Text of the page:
Don't get stuck on mediocrity treadmill
Dirk Nowitzki's best buddy said it best.
"There's really no true loyalty in sports," Steve Nash told ESPN.com's Marc Stein this week. "You have to do what's best for you."
In case Nowitzki didn't learn that lesson when the Mavs didn't make much of an effort to keep Nash in Dallas eight years ago, it's been hammered home in the past eight months. Loyalty didn't keep the Mavs from letting Tyson Chandler, J.J. Barea, DeShawn Stevenson and Caron Butler go after the lockout. Loyalty didn't inspire the Mavs to make an effort to keep Jason Terry. And loyalty didn't keep Jason Kidd from deciding he'd rather jump ship and go to the Knicks.
Why should loyalty keep Nowitzki from asking that the Mavs move him to a contender for the twilight of his prime?
It would take a Dirk demand for the thought of trading him to ever get even mild consideration from the Mavs' front office. As the proud owner of a championship ring, Nowitzki might be content to play out his career on a noncontender, but such a deal could be in the best interests of both parties.
Nowitzki didn't give Mark Cuban a $16 million discount on this contract to grow old while playing for a financially flexible mediocre team. The Mavs will "keep their powder dry," to borrow Donnie Nelson's buzz phrase, while hoping they can acquire the necessary superstar by next summer to give realistic hope of another championship parade in downtown Dallas.
The realistic best-case scenario for this season -- the Mavs duct-tape together a supporting cast just good enough for Nowitzki to carry to the playoffs -- is also the worst-case scenario. Cuban has said in the past that the worst thing that can happen to an NBA team is to be stuck on the "mediocrity treadmill," not good enough to be a contender, not bad enough to get high lottery picks and really rebuild.
Welcome to the mediocrity treadmill, Mavs.
The hope is they can hop off by landing a legit superstar to pair with Nowitzki, but the truth is their best shot was Deron Williams, who decided that Brooklyn's future was brighter. You really think Chris Paul will leave a playoff team next summer to play with a year-older Dirk?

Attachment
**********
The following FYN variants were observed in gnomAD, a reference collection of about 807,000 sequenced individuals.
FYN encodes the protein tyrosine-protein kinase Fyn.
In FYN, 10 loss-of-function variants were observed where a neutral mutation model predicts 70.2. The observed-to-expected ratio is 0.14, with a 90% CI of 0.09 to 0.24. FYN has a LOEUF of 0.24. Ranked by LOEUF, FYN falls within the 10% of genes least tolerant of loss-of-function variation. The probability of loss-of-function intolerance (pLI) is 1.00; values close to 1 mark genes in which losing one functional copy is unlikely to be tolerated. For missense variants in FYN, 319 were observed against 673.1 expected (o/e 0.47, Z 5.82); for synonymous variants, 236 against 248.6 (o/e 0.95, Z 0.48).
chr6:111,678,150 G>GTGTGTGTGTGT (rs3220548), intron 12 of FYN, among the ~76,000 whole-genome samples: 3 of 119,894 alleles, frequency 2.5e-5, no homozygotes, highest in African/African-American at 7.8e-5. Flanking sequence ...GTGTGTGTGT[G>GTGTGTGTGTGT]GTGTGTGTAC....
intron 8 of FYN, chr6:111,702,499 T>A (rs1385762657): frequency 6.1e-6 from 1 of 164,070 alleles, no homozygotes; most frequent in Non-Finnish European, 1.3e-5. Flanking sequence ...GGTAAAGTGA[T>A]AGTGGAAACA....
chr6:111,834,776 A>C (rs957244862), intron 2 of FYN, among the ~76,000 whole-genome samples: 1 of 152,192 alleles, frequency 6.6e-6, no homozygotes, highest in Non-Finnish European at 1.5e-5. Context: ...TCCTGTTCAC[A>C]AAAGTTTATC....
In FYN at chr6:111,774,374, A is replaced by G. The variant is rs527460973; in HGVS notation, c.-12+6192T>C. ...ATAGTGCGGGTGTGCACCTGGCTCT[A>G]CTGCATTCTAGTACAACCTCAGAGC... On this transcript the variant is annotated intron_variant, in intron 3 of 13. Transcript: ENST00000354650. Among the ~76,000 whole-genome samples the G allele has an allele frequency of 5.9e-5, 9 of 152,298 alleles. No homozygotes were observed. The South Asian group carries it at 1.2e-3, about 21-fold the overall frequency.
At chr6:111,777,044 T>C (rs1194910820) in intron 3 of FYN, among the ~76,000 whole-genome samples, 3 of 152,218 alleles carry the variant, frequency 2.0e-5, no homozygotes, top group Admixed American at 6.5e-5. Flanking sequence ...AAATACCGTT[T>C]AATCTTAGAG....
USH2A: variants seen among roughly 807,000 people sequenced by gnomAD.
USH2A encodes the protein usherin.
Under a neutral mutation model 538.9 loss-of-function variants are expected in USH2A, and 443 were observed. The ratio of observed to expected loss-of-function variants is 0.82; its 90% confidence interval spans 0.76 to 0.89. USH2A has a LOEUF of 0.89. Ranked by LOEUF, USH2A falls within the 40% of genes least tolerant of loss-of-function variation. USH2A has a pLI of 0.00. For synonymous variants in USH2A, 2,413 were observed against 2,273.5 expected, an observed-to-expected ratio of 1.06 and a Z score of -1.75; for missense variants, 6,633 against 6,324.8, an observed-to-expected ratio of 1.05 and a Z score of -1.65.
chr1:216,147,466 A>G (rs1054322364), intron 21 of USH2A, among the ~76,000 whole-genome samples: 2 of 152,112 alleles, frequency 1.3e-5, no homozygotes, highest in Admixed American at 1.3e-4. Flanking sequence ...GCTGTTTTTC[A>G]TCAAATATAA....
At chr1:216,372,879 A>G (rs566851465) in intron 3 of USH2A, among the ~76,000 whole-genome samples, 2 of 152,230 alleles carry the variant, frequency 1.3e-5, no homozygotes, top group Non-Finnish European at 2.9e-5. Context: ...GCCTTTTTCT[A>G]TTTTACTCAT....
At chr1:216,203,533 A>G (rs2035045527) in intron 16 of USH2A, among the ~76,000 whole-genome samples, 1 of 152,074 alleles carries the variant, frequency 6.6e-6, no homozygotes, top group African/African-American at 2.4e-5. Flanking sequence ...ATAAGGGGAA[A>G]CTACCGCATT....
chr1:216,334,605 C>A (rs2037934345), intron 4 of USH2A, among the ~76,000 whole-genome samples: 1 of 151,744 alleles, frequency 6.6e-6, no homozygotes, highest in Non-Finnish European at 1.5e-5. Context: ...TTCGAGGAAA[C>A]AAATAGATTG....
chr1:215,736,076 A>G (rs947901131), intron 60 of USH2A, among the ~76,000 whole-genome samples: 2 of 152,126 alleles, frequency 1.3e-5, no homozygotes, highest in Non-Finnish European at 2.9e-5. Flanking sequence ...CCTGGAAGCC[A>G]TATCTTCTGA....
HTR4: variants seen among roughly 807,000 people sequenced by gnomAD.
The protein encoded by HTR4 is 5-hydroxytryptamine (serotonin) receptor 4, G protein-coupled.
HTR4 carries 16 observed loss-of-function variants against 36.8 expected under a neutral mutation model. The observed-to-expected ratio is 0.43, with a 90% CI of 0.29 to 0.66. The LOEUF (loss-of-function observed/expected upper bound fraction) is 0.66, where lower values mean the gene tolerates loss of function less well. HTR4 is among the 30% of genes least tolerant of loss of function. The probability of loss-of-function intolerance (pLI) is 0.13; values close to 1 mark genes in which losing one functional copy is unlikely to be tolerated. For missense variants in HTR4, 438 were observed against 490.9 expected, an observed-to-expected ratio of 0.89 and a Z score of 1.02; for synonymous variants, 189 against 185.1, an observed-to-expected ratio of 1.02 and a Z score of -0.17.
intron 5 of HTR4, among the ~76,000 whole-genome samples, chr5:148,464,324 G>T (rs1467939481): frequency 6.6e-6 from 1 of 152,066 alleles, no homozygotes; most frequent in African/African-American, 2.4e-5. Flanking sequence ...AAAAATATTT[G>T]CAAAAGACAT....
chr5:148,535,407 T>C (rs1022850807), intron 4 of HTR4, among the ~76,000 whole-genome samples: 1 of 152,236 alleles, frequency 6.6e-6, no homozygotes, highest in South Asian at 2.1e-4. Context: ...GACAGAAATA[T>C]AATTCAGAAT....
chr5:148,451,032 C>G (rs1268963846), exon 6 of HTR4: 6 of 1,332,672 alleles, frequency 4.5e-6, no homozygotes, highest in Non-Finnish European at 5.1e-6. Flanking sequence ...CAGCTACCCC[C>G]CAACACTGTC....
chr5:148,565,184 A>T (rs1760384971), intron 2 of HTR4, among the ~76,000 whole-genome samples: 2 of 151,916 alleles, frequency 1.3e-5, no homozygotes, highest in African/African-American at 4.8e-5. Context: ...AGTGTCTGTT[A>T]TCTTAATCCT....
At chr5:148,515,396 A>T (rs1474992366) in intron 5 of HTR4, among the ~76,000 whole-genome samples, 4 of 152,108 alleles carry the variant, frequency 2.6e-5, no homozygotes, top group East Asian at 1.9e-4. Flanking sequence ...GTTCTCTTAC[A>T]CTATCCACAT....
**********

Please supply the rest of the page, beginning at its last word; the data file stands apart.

The Mavs won't get equal value for Nowitzki. Not even close. But maybe they can begin the rebuilding process with a couple of talented young players and a package of picks. If that's the case and Nowitzki would rather chase another ring, it's worth considering.
Don't want to turn into Timberwolves
Is it time to trade Dirk Nowitzki? No. At least not yet.
With the Dallas Mavericks striking out in free agency and now entering an unthinkable rebuilding zone just 13 months after winning the franchise's first championship, that question continues to circulate.
After all, that's what teams seem to do these days. Once the winning stops, trade the superstar and set course on a supposedly bright new future. Well, Mavs owner Mark Cuban will give you two examples why he won't deal Dirk, his 34-year-old superstar, anytime soon.
The first is the Minnesota Timberwolves. After years of being good, but not great, with Kevin Garnett, they said adios in 2007. Cuban is quick to ask how that's worked out. Then Cuban will show you the Boston Celtics. Awful with Paul Pierce, they held on to him, held on to him and held on to him, and finally landed the aforementioned Garnett and Ray Allen.
The Big Three went on to win one title and nearly another.
Now, it is also fair to point out that the Mavs don't have coveted assets like Boston did. The Celtics traded Al Jefferson to the Timberwolves for Garnett and sent Jeff Green, the No. 5 pick in 2007, plus a baby-faced Delonte West to the old Seattle SuperSonics to pry Allen.
Forget it; it's not happening. The Mavs' plan now shifts to the summer of 2013 when potentially -- and I do mean potentially -- Chris Paul, Dwight Howard and Andrew Bynum hit the free-agent market. If Deron Williams, who hails from the Dallas area, turned down Dirk and the Mavs this summer, what would one of those max-contract free agents tell Dallas with no Dirk in the picture?
So while the Mavs choose to keep their powder dry, as general manager Donnie Nelson likes to say, and pursue a star next summer, that pursuit depends on selling Nowitzki as a partner.
If that fails, well, it might become time to think about trading Nowitzki in the final year of his deal for the good of the franchise.
For evidence it can be beneficial, take the Cleveland Cavaliers. Albeit a different situation, the Cavs acquired multiple picks for LeBron James, drafted rookie of the year Kyrie Irving among others, and are young, exciting and on their way back.